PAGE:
Boris Johnson should resign, say four in five Scots as poll reveals Downing Street parties scandal 'hurts case for union'

The vast majority of Scots believe Boris Johnson’s time as Prime Minister should be over due to the ongoing ‘Partygate’ scandal, a new poll has shown, while the growing allegations of rule breaking and lying damages the case for the union.

Almost four in five Scots believe the Prime Minister should resign over the allegations that Downing Street officials held multiple parties during lockdown, including on the eve of the Duke of Edinburgh’s funeral, at least one of which was attended by Mr Johnson.

A majority of Scots (54 per cent) also believe the scandal has hurt the case for the union, the survey has revealed. The damning polling, carried out by Savanta ComRes for The Scotsman, comes a week after every single Scottish Conservative MSP backed calls from their leader, Douglas Ross, for the Prime Minister to resign.

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The figures pile further pressure on Mr Johnson after a chastening week and follow allegations from a senior Conservative MP accusing the UK Government of engaging in “blackmail” to shore up support for its embattled leader.

Almost four in five Scots believe Boris Johnson should resign over the Partygate scandal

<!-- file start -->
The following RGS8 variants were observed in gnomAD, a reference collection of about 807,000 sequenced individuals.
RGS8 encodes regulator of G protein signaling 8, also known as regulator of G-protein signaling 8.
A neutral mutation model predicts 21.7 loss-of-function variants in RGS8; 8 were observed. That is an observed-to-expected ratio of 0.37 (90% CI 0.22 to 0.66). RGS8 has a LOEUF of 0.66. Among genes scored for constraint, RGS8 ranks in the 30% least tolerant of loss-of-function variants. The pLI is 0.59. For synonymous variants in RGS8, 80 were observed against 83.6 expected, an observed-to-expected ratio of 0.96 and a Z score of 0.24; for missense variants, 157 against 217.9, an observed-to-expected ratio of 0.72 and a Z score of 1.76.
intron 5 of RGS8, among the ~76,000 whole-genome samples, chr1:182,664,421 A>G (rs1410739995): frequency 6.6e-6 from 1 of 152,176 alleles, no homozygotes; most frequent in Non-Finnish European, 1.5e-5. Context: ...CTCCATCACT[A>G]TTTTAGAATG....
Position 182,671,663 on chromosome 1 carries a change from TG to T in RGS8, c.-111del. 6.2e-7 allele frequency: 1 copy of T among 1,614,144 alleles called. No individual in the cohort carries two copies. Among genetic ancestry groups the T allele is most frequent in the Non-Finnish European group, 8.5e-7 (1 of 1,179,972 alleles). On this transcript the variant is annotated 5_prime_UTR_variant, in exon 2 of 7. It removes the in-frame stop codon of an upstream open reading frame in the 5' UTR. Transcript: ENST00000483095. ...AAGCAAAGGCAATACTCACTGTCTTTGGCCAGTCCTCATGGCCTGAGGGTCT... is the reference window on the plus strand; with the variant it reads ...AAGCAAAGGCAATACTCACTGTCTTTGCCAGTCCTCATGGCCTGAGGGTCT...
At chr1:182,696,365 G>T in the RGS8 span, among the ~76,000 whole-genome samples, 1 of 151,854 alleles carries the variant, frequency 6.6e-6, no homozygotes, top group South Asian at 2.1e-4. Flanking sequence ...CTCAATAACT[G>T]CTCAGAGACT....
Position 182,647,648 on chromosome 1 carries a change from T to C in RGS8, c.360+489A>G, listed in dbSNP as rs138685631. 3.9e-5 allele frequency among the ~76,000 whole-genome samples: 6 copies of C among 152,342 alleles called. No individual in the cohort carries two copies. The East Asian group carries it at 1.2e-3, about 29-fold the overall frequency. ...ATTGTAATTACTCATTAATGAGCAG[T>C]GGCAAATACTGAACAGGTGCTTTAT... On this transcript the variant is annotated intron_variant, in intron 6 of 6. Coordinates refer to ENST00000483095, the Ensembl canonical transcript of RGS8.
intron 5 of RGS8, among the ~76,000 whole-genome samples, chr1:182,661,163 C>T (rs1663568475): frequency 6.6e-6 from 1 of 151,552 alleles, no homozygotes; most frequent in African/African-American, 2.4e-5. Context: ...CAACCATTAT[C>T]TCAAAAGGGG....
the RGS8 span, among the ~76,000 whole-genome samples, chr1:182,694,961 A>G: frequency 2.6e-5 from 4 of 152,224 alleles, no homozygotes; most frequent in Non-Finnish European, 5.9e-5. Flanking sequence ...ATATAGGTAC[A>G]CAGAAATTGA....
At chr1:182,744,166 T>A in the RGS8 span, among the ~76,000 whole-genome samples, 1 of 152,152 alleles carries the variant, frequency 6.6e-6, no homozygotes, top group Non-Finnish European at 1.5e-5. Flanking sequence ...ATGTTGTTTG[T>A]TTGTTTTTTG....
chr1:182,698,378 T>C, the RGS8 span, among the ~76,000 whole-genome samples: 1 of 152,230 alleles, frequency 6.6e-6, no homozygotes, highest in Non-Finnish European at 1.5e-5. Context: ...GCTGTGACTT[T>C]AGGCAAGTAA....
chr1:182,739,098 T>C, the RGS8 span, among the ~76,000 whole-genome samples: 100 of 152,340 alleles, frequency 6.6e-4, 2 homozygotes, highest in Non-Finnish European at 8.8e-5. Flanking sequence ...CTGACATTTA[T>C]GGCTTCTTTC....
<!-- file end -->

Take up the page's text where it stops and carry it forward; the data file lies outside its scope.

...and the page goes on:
William Wragg, the Tory chairman of the Commons Public Administration and Constitutional Affairs Committee, said Government whips – those in charge of party discipline – had threatened to withdraw funding for constituencies of those who may be considering submitting a letter of no confidence in the Prime Minister.

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First Minister Nicola Sturgeon said such tactics would constitute “corruption” and called for an independent investigation into the allegations.

The poll, which interviewed 1,004 Scottish adults aged 16 and over between January 14 and 18, was carried out from the day after revelations emerged of an after-hours party at Downing Street held the night before Prince Philip’s socially-distanced funeral.

The survey has also suggested the ongoing scandal has made little difference to support for Scottish independence.

Voters remain split down the middle on independence, with support for Yes at another independence referendum sitting at 50 per cent – two points higher than in October.

Support for No is two points down at 50 per cent, with both Yes and No at 46 per cent when don’t knows (8 per cent) are taken into account.

This is despite the majority of Scots indicating the ‘Partygate’ scandals have damaged the case for the union.

Asked to what extent have the parties in Downing Street hurt the case for the union, 54 per cent of Scots said it had hurt either a lot or a little, while 35 per cent said they had not really or not hurt the case for the union at all, with 11 per cent stating they did not know.